Devendra Jhajharia: 1 Indian Arm which gave India it’s 2 Golds at Olympic
Ram Singh Jhajharia
10th June 1981
Proudly says ‘imd1’ for
Sometimes when life takes a tragic turn, it also provides a road to bliss and accomplishment. A 9 year old boy from a small district of Rajasthan was enjoying his routine play of climbing a tree; when an electric shock turned his fate… but ultimately for good. A man with an arm of gold and an iron heart, Devendra Jhajharia is one such sportsperson who proved himself that nothing can beat your strong-will. At the age of 35, he is a record holder and record breaker with 2 individual Golds for Javelin throw at the Athens Paralympics in 2014 and again at Rio in 2016 where he created a new record. Only four Indian athletes have an honour of Gold Medal so far and Devendra is the only one to do it twice. The recent Khel Ratna award to him is the true recognition of his contribution and specially in Paralympics.
Team imd1 had a chat with him a few days ago, read on to know her further!
We are really keen to know, how did your journey begin?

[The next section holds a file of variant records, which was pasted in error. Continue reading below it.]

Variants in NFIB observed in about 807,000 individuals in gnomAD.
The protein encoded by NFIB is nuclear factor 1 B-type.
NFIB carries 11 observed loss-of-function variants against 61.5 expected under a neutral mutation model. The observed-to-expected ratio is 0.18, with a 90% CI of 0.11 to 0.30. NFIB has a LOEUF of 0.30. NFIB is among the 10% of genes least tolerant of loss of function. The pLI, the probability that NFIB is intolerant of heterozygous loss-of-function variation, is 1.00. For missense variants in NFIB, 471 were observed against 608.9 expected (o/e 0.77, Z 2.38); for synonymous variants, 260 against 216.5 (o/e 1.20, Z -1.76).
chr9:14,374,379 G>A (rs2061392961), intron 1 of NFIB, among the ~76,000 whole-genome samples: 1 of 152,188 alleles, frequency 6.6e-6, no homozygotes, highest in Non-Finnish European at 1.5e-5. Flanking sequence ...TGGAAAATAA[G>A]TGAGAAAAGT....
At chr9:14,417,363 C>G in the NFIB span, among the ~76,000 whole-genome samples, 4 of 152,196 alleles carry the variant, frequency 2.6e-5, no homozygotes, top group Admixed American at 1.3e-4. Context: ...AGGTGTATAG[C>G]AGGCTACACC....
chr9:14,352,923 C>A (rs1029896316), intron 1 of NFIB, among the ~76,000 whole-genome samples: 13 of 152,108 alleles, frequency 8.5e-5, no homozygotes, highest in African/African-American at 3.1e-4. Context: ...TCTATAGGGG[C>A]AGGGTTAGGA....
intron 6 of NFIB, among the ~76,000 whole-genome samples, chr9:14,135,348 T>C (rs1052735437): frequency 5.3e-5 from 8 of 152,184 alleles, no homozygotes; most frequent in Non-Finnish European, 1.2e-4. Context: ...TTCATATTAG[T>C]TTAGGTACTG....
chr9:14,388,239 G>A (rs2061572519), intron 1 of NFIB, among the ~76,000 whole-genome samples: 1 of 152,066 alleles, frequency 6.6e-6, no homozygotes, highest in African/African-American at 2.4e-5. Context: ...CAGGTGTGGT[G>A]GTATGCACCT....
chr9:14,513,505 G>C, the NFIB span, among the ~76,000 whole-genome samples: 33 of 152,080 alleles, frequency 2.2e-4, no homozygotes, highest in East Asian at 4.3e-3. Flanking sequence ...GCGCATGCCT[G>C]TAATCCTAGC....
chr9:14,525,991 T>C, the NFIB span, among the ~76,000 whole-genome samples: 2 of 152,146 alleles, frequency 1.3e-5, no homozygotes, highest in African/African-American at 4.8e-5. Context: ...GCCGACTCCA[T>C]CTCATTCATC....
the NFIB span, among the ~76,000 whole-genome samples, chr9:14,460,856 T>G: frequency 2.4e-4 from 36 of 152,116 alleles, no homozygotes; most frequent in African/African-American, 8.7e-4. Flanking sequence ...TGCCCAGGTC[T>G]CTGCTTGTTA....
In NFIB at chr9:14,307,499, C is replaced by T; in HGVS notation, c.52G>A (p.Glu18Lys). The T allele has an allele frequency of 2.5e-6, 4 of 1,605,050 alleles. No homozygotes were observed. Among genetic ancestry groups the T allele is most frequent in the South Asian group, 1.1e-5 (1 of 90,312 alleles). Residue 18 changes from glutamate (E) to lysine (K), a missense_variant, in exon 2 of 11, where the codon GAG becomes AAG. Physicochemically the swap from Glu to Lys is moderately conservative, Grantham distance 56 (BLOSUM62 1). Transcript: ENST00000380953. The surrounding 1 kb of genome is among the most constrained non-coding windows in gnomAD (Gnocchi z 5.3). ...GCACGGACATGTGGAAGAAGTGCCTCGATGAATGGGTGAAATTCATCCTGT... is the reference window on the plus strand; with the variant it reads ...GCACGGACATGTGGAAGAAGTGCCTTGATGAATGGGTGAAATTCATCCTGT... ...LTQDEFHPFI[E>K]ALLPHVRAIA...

At the age of 9 years, I lost my arm due to amputation which resulted from an electric shock after I accidently touched a live cable wire, while climbing a tree in my village. I was disheartened at that time. I was embarrassed and scared to go out of the house. People had disowned me. I heard comments like, “it was better if he would have died”. Back in those days, around 28 years back, the society was much more conservative. I locked myself up in the house to avoid getting taunted by others. I had no answers to their questionable eyes. I was very young to understand all this. My mother Jivani Devi encouraged me to play sport. I can never forget that day and will always be grateful to my mother for motivating me to go out and play just like other kids. Stepping out of the house to play at that moment was the start of my journey. Other kids termed me as weak. They had doubts on my capabilities. I wanted to prove myself. I started with sports in the year 1995. I was studying in Ratnapura government school. When I was in 10th, I used to watch other kids practice javelin during intervals. I came home and made javelin out of wooden stick but it was not as good as the original one as used in school. I found Javelin interesting and realized the talent inside me. After I came first in school competition, they selected me for district level and I won competitions in non-Paralympic category. I became district level champion while playing with able bodied sportspersons. I proved myself and my family encouraged me further. I competed at college level with able bodies at youth championships. Then I came to know about Paralympic tournaments. Somewhere around the year 2000 under coach RD Singh, I competed in Paralympics at Bangalore tournament and in Para-Asian I won Gold. Victory followed hereafter. In those days, there were lot of challenges and one had to literally prove oneself.